On late Monday, all the news and speculation surrounding the Uber acquiring Dubai-based Careem, was put to rest. The San Francisco-based ride-hailing giant confirmed the deal, and several media reports stated that the company has sealed the acquisition with a combined cash and convertible deal worth $3.1 billion.
With this deal, Uber gets complete ownership of Careem, its Middle Eastern rival. A Reuters report said, the company would pay $1.4 billion in cash and the remaining $1.7 billion in convertible notes. The acquisition is subject to regulatory approval, the company said, and would close only in the first quarter of 2020.
These notes will be converted into Uber shares at a price of $55 per share. This acquisition comes right ahead of Uber’s highly-anticipated IPO next month, which could take it’s valuation to above $100 billion, from its current $70 billion.
In an email to his staff as shared by media reports, Dara Khosrowshahi said:
“We intend to operate Careem independently, under the leadership of Co-founder and current CEO Mudassir Sheikha.” The email added,
“After careful consideration, we decided that this framework has the advantage of letting us build new products and try new ideas across not one, but two, strong brands, with strong operators within each.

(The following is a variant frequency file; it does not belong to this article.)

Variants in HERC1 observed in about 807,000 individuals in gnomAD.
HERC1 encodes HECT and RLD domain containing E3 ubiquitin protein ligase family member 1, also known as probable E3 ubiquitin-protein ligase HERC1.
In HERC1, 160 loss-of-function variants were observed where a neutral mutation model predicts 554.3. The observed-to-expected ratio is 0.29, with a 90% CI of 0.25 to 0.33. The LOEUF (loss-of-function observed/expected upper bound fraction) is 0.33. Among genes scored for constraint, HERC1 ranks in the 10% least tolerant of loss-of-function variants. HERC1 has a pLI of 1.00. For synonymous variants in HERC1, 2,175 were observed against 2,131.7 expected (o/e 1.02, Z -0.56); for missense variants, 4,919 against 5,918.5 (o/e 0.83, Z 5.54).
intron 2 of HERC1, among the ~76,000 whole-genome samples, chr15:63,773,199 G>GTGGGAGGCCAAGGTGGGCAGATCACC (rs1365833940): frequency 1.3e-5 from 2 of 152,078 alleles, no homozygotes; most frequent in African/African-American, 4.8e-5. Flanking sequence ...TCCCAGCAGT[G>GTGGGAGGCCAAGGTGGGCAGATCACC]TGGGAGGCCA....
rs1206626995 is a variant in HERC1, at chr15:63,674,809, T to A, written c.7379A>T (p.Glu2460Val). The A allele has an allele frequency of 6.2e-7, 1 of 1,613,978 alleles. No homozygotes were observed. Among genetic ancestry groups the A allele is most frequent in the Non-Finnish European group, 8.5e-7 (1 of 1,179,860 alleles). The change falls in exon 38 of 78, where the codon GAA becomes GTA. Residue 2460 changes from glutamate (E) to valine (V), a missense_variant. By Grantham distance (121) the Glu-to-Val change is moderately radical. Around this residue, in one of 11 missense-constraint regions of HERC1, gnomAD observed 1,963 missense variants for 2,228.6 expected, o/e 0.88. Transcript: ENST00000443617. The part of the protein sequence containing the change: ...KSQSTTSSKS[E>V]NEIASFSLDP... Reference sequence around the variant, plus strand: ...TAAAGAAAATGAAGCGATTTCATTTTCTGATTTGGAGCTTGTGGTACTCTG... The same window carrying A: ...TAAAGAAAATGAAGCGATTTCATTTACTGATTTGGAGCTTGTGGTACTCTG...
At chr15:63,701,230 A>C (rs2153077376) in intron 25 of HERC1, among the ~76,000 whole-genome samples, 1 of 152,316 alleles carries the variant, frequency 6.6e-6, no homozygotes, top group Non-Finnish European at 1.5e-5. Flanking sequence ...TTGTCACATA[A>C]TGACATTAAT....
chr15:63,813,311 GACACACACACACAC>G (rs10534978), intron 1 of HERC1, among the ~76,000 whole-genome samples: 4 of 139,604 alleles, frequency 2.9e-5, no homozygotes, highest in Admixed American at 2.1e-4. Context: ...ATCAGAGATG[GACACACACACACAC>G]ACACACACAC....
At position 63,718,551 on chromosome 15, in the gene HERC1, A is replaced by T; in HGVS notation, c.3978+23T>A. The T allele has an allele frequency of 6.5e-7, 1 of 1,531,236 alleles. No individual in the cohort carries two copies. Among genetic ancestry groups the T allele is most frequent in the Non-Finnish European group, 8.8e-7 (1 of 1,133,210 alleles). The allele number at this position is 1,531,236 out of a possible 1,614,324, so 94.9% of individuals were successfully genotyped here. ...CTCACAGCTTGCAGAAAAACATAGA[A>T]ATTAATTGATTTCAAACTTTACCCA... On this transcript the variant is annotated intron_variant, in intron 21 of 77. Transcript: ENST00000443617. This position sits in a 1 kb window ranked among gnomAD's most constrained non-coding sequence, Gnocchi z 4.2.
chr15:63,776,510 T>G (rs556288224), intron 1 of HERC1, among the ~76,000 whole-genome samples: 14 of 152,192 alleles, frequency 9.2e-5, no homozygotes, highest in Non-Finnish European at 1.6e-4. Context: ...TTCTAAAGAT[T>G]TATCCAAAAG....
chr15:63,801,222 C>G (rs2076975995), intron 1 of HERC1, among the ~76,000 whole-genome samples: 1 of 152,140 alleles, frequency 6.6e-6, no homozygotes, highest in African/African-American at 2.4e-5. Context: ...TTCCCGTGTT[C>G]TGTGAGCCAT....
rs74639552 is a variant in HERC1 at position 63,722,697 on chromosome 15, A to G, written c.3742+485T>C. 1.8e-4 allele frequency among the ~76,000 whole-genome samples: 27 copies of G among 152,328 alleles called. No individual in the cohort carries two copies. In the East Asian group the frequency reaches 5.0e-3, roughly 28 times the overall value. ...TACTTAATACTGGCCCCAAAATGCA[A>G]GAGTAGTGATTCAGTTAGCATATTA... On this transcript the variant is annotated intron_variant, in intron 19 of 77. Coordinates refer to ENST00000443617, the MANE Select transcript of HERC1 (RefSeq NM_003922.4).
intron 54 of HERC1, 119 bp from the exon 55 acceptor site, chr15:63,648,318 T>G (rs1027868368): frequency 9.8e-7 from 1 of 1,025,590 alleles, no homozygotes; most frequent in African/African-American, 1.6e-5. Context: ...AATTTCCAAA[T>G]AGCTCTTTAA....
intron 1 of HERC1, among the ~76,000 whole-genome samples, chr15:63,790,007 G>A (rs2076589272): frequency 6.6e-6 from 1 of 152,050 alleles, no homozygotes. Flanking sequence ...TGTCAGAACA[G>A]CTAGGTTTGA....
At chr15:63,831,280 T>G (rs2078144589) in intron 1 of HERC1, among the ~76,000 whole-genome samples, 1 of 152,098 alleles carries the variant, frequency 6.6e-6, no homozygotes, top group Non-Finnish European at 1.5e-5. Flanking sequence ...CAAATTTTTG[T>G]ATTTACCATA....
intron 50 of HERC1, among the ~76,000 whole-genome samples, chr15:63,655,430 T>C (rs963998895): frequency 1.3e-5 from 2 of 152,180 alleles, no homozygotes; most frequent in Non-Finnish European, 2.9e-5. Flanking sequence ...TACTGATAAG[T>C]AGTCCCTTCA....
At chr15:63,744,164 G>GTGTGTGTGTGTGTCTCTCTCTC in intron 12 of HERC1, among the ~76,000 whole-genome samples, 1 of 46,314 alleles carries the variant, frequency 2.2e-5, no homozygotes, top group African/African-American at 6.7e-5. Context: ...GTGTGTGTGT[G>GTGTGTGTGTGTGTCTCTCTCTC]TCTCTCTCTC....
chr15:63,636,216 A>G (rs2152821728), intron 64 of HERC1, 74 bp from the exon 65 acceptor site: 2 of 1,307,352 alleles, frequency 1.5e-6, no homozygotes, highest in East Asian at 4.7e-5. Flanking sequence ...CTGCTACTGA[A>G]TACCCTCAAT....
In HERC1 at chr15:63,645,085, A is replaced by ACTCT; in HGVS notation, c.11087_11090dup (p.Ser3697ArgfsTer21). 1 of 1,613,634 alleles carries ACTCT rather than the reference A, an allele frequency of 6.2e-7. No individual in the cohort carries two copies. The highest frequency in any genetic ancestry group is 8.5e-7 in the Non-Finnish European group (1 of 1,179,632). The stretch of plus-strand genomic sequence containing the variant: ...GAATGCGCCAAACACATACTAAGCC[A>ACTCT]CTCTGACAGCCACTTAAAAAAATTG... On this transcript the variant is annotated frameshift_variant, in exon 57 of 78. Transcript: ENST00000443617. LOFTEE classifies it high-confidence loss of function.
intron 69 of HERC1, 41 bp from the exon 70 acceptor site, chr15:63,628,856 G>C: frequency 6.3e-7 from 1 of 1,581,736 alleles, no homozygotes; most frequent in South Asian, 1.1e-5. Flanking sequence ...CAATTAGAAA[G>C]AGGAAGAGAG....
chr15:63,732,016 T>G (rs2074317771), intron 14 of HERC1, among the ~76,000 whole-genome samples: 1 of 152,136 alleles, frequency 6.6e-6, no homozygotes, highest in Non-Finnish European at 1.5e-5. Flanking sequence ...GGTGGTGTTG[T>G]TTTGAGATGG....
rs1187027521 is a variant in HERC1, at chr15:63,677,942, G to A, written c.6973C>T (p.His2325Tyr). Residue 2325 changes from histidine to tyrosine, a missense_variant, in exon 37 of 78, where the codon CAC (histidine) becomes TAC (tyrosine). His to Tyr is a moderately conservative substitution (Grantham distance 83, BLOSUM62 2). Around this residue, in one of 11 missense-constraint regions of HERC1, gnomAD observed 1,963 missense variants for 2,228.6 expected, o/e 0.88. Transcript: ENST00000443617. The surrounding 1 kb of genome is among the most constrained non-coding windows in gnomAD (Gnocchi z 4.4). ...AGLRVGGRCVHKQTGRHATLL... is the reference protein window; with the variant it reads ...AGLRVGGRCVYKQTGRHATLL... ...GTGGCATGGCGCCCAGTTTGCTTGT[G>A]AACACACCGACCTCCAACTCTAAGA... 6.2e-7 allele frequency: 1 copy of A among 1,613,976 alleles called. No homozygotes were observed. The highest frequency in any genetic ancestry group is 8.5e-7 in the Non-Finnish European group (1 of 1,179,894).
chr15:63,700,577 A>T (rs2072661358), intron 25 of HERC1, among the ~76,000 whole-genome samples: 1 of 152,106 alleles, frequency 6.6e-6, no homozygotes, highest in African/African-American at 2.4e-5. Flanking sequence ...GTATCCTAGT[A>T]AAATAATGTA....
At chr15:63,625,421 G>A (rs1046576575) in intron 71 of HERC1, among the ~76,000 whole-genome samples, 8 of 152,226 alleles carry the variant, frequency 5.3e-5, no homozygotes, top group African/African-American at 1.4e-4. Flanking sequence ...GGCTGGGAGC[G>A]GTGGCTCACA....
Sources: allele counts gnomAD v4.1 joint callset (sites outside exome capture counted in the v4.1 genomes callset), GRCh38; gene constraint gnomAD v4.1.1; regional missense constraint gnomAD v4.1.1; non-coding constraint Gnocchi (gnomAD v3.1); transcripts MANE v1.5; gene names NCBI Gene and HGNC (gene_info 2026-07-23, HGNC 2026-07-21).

“Over time, by integrating parts of our networks, we can operate more efficiently, achieve even lower wait times, expand new products like high-capacity vehicles and payments, and quicken the already remarkable pace of innovation in the region."
This acquisition is one of the most watched ones as the company has so far been exiting markets for two years. In 2016, Uber sold its China business to Didi in a cash and stake deal, where in Uber acquired 17 percent stake in Didi. In 2017, Uber exited Russia by merging with the taxi arm of Yandex, which is known as Russia’s Google. The combined entity was said to be worth over $3.7 billion.
Last year, Uber exited Southeast Asia by acquiring 27.5 percent stake in Grab. There were speculations of Uber also finding it tough to run operations in Middle East, where Careem was giving the giant tough competition.
With this acquisition, Uber has put to rest speculations on whether it can win in Asian markets. At least, for now.
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